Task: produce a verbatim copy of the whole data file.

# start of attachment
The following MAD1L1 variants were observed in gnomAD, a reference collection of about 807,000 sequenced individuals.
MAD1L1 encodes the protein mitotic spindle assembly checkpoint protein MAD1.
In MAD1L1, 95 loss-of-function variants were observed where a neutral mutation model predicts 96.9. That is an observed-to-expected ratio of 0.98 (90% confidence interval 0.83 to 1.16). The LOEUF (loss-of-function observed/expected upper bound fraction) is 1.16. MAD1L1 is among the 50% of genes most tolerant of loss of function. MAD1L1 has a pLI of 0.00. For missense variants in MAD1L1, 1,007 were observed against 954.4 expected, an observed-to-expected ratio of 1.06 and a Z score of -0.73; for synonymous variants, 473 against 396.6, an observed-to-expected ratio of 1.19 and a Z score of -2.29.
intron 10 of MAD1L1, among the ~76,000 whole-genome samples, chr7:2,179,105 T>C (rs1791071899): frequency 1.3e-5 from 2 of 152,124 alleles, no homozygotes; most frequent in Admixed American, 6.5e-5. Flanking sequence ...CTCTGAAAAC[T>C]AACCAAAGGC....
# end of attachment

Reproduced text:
The following MAD1L1 variants were observed in gnomAD, a reference collection of about 807,000 sequenced individuals.
MAD1L1 encodes the protein mitotic spindle assembly checkpoint protein MAD1.
In MAD1L1, 95 loss-of-function variants were observed where a neutral mutation model predicts 96.9. That is an observed-to-expected ratio of 0.98 (90% confidence interval 0.83 to 1.16). The LOEUF (loss-of-function observed/expected upper bound fraction) is 1.16. MAD1L1 is among the 50% of genes most tolerant of loss of function. MAD1L1 has a pLI of 0.00. For missense variants in MAD1L1, 1,007 were observed against 954.4 expected, an observed-to-expected ratio of 1.06 and a Z score of -0.73; for synonymous variants, 473 against 396.6, an observed-to-expected ratio of 1.19 and a Z score of -2.29.
intron 10 of MAD1L1, among the ~76,000 whole-genome samples, chr7:2,179,105 T>C (rs1791071899): frequency 1.3e-5 from 2 of 152,124 alleles, no homozygotes; most frequent in Admixed American, 6.5e-5. Flanking sequence ...CTCTGAAAAC[T>C]AACCAAAGGC....